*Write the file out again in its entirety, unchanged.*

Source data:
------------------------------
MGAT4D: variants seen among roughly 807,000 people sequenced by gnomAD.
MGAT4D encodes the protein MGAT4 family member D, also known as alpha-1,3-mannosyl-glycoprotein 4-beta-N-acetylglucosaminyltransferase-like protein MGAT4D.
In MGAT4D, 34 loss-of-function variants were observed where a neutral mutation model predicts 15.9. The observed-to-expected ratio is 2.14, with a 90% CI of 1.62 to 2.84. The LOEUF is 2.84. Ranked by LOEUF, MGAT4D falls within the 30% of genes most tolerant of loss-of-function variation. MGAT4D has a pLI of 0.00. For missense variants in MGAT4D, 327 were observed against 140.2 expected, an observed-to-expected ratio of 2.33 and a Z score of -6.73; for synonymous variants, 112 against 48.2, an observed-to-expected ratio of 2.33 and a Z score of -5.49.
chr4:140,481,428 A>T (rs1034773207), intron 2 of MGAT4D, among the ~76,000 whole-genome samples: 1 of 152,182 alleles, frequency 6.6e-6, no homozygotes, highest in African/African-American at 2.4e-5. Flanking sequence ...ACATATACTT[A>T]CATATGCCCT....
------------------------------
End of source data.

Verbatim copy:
MGAT4D: variants seen among roughly 807,000 people sequenced by gnomAD.
MGAT4D encodes the protein MGAT4 family member D, also known as alpha-1,3-mannosyl-glycoprotein 4-beta-N-acetylglucosaminyltransferase-like protein MGAT4D.
In MGAT4D, 34 loss-of-function variants were observed where a neutral mutation model predicts 15.9. The observed-to-expected ratio is 2.14, with a 90% CI of 1.62 to 2.84. The LOEUF is 2.84. Ranked by LOEUF, MGAT4D falls within the 30% of genes most tolerant of loss-of-function variation. MGAT4D has a pLI of 0.00. For missense variants in MGAT4D, 327 were observed against 140.2 expected, an observed-to-expected ratio of 2.33 and a Z score of -6.73; for synonymous variants, 112 against 48.2, an observed-to-expected ratio of 2.33 and a Z score of -5.49.
chr4:140,481,428 A>T (rs1034773207), intron 2 of MGAT4D, among the ~76,000 whole-genome samples: 1 of 152,182 alleles, frequency 6.6e-6, no homozygotes, highest in African/African-American at 2.4e-5. Flanking sequence ...ACATATACTT[A>T]CATATGCCCT....